Based on the March 8, 2016 surveillance report and conclusions, respondent's assistant superintendent wrote to petitioner on March 14, 2016, and notified him of continued concerns about the students’ residency.  The letter requested additional documentation and offered an opportunity for a meeting.[2]  Petitioner met with the assistant superintendent on March 21, 2016, provided documentation regarding his residency, and invited the assistant superintendent to visit the in-district address.  Respondent's assistant superintendent visited the in-district address with petitioner that same day.

Upon visiting the in-district address on March 21, 2016, the assistant superintendent noted that her initial impression was that "it looked as if there had not been people there in quite a while."  She observed that the living room contained a large couch, but no television.  She further observed that the kitchen cabinets and refrigerator contained minimal items.  The assistant superintendent observed that the second floor of the in-district residence had four bedrooms, each of which contained a bed frame, box spring, and mattress, but had no sheets or pillows.  She further observed that the basement had an additional four bedrooms which appeared to be unoccupied.

Based upon the surveillance reports, petitioner's submitted documentation, and her observation of the in-district address, the assistant superintendent concluded that the petitioner did not reside at the in-district address.  Accordingly, by letter dated March 22, 2016, the assistant superintendent notified petitioner of her determination that the students were not district residents and were not eligible to attend respondent's schools tuition-free.  The letter stated that they would be excluded from attendance after April 1, 2016.   This appeal ensued.  Petitioner's request for interim relief was granted on April 19, 2016.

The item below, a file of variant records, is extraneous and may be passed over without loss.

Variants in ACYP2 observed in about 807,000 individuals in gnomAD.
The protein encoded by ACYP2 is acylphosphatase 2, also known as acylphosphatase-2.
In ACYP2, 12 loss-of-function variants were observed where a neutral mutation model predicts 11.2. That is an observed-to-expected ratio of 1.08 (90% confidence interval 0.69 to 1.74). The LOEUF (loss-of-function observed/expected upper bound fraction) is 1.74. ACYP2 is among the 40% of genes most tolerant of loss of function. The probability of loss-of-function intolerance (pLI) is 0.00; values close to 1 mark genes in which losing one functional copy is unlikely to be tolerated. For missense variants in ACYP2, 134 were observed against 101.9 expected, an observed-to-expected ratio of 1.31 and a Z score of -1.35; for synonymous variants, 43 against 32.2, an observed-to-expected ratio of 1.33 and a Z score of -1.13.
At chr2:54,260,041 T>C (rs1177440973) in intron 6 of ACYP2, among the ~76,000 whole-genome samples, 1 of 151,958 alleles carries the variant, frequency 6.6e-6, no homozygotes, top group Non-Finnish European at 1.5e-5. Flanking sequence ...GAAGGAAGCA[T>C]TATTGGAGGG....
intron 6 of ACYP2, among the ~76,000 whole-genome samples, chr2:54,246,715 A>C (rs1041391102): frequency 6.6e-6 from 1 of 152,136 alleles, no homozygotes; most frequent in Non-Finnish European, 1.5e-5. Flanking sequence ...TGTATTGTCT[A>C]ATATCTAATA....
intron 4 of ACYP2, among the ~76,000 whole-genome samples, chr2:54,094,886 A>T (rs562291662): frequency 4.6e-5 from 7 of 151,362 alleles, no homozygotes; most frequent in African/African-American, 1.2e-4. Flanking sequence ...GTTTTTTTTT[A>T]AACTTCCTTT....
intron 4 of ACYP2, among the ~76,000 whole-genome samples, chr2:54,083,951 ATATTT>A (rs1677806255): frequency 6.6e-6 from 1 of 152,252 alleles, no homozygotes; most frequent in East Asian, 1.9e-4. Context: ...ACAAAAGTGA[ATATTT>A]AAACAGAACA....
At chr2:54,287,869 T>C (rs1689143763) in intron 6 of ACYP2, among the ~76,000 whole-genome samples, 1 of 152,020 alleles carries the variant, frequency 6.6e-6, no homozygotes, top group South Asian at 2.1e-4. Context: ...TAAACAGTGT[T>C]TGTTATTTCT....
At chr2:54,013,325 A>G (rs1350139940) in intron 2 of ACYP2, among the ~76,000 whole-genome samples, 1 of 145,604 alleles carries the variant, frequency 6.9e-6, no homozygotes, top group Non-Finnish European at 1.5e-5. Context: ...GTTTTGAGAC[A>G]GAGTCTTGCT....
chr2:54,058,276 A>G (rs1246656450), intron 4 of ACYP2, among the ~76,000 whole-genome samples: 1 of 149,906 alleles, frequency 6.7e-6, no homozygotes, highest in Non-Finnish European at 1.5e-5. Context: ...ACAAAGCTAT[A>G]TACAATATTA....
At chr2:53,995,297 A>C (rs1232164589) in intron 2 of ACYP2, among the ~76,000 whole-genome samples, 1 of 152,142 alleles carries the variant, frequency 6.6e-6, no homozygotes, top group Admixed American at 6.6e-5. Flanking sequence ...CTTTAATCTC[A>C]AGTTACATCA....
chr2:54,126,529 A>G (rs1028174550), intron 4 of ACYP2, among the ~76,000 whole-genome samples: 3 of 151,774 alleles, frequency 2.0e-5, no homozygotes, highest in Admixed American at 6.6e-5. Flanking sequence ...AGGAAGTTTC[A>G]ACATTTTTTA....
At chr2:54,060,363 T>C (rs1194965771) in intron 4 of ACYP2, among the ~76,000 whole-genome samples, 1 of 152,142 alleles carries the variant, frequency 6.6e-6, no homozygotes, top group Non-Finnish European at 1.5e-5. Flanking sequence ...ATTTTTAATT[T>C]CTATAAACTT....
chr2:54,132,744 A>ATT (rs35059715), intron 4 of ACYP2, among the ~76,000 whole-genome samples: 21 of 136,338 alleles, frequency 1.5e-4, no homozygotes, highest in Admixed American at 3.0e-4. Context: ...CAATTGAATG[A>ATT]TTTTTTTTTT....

Petitioner seeks a determination that his children are residents of respondent's district and are entitled to attend its schools tuition-free.  Petitioner maintains that he and the students reside at the in-district address, and disputes the conclusions drawn by the respondent's assistant superintendent.  Petitioner contends that respondent’s determination is attributable to his nationality and religion. 

Respondent contends that petitioner has failed to meet the burden of establishing the facts upon which he seeks relief, and has failed to demonstrate a clear legal right to the relief requested.  Respondent asserts that its residency determination is supported by the record and is neither arbitrary or capricious.

Education Law §3202(1) provides, in pertinent part, as follows:

A person over five and under twenty-one years of age who has not received a high school diploma is entitled to attend the public schools maintained in the district in which such person resides without the payment of tuition.

The purpose of this statute is to limit the obligation of school districts to provide tuition-free education to students whose parents or legal guardians reside within the district (Appeal of Polynice, 48 Ed Dept Rep 490, Decision No. 15,927; Appeal of Naab, 48 id. 484, Decision No. 15,924).  “Residence” for purposes of Education Law §3202 is established by one’s physical presence as an inhabitant within the district and intent to reside in the district (Longwood Cent. School Dist. v. Springs Union Free School Dist., 1 NY3d 385; Appeal of Naab, 48 Ed Dept Rep 484, Decision No. 15,924).  A child's residence is presumed to be that of his or her parents or legal guardians (Catlin v. Sobol, 155 AD2d 24, revd on other grounds, 77 NY2d 552 (1991); Appeal of Polynice, 48 Ed Dept Rep 490, Decision No. 15,927).  A residency determination will not be set aside unless it is arbitrary and capricious (Appeal of White, 48 Ed Dept Rep 295, Decision No. 15,863; Appeal of a Student with a Disability, 48 id. 171, Decision No. 15,828).  In an appeal to the Commissioner, the petitioner has the burden of demonstrating a clear legal right to the relief requested and the burden of establishing the facts upon which petitioner seeks relief (Appeal of White, 48 Ed Dept Rep 295, Decision No. 15,863; Appeal of a Student with a Disability, 48 id. 171, Decision No. 15,828).